The government’s head of Hurricane Katrina relief efforts made a surprise visit to a newly built trailer park in Baker, La., on Saturday (Oct. 8), and said hundreds of similar makeshift towns are planned to house residents displaced by the storm.
According to an Associated Press report, U.S. Coast Guard Vice Adm. Thad Allen called the construction of the park, which holds more than 570 trailers, “pretty remarkable.”
“This went from nothing to something in about five weeks,” said Allen, the Federal Emergency Management Agency’s (FEMA) official in charge of hurricane relief.
The small trailers have air conditioning, plumbing and TV antennas, and the park is laid out like a small town, with gravel roads, streetlights and power lines.
Allen said about 120,000 trailers and mobile homes are expected to be delivered to Louisiana in the coming weeks. The optimum size of each park will be about 200 units, but the trailers also may be placed on the property of residents with destroyed homes, he said.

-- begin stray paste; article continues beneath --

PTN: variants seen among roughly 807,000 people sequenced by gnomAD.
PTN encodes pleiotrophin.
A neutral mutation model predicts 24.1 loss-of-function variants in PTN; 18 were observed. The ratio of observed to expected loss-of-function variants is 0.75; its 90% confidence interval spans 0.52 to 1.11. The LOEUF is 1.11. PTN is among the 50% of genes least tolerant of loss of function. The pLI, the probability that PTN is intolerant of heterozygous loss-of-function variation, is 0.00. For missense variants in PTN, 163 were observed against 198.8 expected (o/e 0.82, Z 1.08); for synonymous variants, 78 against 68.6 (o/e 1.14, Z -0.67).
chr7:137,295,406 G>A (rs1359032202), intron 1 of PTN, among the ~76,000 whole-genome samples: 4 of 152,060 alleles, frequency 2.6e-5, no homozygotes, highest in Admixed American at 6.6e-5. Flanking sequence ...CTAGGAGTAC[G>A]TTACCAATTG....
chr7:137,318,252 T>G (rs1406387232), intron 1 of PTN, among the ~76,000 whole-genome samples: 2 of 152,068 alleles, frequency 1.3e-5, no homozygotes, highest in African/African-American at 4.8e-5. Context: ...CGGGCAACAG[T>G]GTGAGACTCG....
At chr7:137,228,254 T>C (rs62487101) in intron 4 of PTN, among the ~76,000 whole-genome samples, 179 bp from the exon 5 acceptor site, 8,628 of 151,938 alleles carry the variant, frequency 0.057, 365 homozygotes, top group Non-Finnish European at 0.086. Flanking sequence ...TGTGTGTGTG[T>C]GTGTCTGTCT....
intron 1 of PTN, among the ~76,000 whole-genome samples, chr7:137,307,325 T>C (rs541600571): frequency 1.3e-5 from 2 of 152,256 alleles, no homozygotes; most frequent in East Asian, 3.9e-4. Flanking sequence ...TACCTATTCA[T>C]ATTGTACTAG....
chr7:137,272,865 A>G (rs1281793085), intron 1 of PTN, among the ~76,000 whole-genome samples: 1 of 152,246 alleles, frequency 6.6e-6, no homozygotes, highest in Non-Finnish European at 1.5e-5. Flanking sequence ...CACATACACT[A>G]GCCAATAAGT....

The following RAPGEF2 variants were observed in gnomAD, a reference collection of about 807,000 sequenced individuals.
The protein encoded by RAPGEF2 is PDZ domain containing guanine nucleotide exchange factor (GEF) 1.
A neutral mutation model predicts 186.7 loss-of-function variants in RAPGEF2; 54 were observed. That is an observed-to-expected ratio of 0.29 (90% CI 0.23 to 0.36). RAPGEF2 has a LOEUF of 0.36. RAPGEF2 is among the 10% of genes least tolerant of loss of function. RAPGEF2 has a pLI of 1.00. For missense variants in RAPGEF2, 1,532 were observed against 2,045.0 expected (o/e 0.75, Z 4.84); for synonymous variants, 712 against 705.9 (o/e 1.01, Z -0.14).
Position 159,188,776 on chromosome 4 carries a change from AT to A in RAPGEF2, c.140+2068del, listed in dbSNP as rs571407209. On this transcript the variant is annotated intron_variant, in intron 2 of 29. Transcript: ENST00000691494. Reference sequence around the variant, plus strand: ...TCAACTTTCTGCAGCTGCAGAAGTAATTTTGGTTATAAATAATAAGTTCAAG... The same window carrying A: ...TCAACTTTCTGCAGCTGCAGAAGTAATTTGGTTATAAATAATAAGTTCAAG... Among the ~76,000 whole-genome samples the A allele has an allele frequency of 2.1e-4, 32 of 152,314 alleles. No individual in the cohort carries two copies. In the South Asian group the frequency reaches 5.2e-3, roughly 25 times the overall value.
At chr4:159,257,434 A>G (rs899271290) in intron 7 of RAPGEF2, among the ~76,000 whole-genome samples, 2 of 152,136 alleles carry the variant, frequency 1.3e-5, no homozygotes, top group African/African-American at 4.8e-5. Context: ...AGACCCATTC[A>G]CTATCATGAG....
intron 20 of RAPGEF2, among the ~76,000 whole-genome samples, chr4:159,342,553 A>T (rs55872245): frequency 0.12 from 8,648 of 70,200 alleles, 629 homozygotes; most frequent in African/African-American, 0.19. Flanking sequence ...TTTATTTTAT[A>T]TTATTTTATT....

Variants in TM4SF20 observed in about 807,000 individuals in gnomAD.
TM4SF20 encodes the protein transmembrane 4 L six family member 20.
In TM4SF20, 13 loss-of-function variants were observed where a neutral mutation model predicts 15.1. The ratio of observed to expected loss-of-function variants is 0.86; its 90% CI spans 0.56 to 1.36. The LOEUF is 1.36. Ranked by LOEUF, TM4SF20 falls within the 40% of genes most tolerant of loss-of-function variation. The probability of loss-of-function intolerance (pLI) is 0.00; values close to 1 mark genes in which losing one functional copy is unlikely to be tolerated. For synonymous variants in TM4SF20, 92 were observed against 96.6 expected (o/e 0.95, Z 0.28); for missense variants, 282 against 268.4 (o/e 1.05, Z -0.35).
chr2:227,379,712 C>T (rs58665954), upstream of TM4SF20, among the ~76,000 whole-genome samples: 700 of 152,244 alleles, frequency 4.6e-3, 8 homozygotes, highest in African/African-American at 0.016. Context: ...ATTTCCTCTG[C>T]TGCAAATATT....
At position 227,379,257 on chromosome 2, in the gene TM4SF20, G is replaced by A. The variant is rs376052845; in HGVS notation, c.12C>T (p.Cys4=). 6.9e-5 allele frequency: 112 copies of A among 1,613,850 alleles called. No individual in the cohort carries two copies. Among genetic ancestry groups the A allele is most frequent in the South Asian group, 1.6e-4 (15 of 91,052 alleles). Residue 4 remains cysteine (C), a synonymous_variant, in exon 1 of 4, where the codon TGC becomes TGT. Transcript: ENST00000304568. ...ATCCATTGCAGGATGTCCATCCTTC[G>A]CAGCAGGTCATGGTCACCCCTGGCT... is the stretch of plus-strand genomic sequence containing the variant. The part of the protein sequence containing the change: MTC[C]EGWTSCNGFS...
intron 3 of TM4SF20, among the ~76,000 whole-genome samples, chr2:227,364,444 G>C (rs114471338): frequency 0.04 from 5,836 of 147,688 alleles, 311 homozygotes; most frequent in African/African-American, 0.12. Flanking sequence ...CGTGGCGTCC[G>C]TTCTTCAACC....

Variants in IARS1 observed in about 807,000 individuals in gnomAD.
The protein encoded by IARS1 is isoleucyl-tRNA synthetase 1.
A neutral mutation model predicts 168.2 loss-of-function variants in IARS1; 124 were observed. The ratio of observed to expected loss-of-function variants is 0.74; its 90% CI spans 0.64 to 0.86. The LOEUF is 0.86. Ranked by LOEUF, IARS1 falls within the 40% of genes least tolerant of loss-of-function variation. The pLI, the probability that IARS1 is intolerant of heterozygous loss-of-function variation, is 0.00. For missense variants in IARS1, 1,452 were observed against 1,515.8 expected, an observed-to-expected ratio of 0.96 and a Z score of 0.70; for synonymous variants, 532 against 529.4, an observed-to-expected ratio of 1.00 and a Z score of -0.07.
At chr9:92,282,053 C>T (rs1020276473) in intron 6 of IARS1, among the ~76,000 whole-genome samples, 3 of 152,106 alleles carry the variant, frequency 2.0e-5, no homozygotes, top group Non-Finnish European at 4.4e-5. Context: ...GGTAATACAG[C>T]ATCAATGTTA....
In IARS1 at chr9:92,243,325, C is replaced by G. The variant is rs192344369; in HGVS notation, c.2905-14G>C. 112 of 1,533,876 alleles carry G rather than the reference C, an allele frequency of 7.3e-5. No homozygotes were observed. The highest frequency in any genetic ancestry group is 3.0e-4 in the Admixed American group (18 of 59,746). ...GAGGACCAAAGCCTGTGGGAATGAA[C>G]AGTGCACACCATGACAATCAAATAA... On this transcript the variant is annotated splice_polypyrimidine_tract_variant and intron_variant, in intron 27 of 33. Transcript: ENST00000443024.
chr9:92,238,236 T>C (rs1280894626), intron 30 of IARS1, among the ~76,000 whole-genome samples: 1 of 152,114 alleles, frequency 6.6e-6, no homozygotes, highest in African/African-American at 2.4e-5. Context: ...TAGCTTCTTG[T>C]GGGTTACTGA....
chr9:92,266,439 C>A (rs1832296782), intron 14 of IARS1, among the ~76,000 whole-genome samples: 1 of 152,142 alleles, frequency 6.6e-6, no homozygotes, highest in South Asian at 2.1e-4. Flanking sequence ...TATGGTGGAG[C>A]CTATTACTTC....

President Bush has said all Gulf Coast evacuees should be out of shelters by mid-October. The American Red Cross said Saturday that 23,970 residents displaced by hurricanes Katrina and Rita had stayed in shelters the night before.
Timothy Ray Leonard, Jefferson Parish, said he was happy to move into a trailer. “I’m glad to be out of that shelter.”
John Jackson, New Orleans, had been living at a nearby church. He said he wasn’t sure how long he would stay in the park. “Might be a month, might be a week.”